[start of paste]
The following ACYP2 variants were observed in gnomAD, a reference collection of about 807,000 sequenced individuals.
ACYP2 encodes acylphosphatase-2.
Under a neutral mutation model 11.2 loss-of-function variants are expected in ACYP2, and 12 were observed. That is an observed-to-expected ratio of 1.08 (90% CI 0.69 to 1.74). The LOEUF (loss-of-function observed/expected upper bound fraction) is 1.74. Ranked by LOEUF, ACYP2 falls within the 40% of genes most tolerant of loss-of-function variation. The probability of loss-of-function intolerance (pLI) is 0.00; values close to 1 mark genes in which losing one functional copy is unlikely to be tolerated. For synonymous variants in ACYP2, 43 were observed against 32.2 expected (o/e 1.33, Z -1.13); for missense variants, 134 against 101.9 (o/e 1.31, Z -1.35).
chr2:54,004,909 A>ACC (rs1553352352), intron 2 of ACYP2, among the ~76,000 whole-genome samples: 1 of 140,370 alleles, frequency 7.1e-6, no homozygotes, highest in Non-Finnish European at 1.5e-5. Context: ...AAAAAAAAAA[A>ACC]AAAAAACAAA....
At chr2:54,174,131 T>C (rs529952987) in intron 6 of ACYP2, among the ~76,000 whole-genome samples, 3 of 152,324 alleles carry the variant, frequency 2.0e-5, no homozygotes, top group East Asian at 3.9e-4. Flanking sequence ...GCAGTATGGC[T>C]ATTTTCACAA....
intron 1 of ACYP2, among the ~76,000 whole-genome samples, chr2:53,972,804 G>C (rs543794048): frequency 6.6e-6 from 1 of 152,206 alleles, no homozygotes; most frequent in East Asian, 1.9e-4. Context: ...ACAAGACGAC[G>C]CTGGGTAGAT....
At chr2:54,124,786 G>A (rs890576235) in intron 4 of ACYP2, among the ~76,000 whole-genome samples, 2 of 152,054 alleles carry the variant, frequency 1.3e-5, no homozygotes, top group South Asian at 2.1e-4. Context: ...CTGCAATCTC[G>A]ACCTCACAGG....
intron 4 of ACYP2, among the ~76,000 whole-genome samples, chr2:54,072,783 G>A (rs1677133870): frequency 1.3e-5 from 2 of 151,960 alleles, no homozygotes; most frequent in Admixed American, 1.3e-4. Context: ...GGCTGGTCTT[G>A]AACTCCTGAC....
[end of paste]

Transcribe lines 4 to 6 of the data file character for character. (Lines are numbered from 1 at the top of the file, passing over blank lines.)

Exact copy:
chr2:54,004,909 A>ACC (rs1553352352), intron 2 of ACYP2, among the ~76,000 whole-genome samples: 1 of 140,370 alleles, frequency 7.1e-6, no homozygotes, highest in Non-Finnish European at 1.5e-5. Context: ...AAAAAAAAAA[A>ACC]AAAAAACAAA....
At chr2:54,174,131 T>C (rs529952987) in intron 6 of ACYP2, among the ~76,000 whole-genome samples, 3 of 152,324 alleles carry the variant, frequency 2.0e-5, no homozygotes, top group East Asian at 3.9e-4. Flanking sequence ...GCAGTATGGC[T>C]ATTTTCACAA....
intron 1 of ACYP2, among the ~76,000 whole-genome samples, chr2:53,972,804 G>C (rs543794048): frequency 6.6e-6 from 1 of 152,206 alleles, no homozygotes; most frequent in East Asian, 1.9e-4. Context: ...ACAAGACGAC[G>C]CTGGGTAGAT....